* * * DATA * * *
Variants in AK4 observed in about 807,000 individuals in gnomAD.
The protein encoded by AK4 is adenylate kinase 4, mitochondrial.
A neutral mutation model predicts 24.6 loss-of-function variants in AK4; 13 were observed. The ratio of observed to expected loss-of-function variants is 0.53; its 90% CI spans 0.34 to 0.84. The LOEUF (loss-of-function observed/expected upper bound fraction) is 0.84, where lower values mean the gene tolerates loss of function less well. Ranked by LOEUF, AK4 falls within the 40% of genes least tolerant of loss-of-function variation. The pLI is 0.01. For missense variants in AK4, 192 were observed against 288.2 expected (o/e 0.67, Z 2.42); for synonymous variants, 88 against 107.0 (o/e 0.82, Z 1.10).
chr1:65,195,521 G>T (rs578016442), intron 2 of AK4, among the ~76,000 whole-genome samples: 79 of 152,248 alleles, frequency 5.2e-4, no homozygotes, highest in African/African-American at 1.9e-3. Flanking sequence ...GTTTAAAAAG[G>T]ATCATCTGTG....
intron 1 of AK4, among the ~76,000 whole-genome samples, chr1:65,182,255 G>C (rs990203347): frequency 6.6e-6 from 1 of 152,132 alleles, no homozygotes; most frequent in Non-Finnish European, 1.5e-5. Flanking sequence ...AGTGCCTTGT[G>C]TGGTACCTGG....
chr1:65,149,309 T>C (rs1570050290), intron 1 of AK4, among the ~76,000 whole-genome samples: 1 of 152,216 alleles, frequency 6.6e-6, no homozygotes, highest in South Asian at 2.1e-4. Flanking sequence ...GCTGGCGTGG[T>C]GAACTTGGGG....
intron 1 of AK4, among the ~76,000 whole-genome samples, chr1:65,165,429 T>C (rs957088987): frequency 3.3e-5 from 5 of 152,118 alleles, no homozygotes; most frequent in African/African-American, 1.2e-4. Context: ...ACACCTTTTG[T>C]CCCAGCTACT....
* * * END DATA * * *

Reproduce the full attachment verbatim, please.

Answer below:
Variants in AK4 observed in about 807,000 individuals in gnomAD.
The protein encoded by AK4 is adenylate kinase 4, mitochondrial.
A neutral mutation model predicts 24.6 loss-of-function variants in AK4; 13 were observed. The ratio of observed to expected loss-of-function variants is 0.53; its 90% CI spans 0.34 to 0.84. The LOEUF (loss-of-function observed/expected upper bound fraction) is 0.84, where lower values mean the gene tolerates loss of function less well. Ranked by LOEUF, AK4 falls within the 40% of genes least tolerant of loss-of-function variation. The pLI is 0.01. For missense variants in AK4, 192 were observed against 288.2 expected (o/e 0.67, Z 2.42); for synonymous variants, 88 against 107.0 (o/e 0.82, Z 1.10).
chr1:65,195,521 G>T (rs578016442), intron 2 of AK4, among the ~76,000 whole-genome samples: 79 of 152,248 alleles, frequency 5.2e-4, no homozygotes, highest in African/African-American at 1.9e-3. Flanking sequence ...GTTTAAAAAG[G>T]ATCATCTGTG....
intron 1 of AK4, among the ~76,000 whole-genome samples, chr1:65,182,255 G>C (rs990203347): frequency 6.6e-6 from 1 of 152,132 alleles, no homozygotes; most frequent in Non-Finnish European, 1.5e-5. Flanking sequence ...AGTGCCTTGT[G>C]TGGTACCTGG....
chr1:65,149,309 T>C (rs1570050290), intron 1 of AK4, among the ~76,000 whole-genome samples: 1 of 152,216 alleles, frequency 6.6e-6, no homozygotes, highest in South Asian at 2.1e-4. Flanking sequence ...GCTGGCGTGG[T>C]GAACTTGGGG....
intron 1 of AK4, among the ~76,000 whole-genome samples, chr1:65,165,429 T>C (rs957088987): frequency 3.3e-5 from 5 of 152,118 alleles, no homozygotes; most frequent in African/African-American, 1.2e-4. Context: ...ACACCTTTTG[T>C]CCCAGCTACT....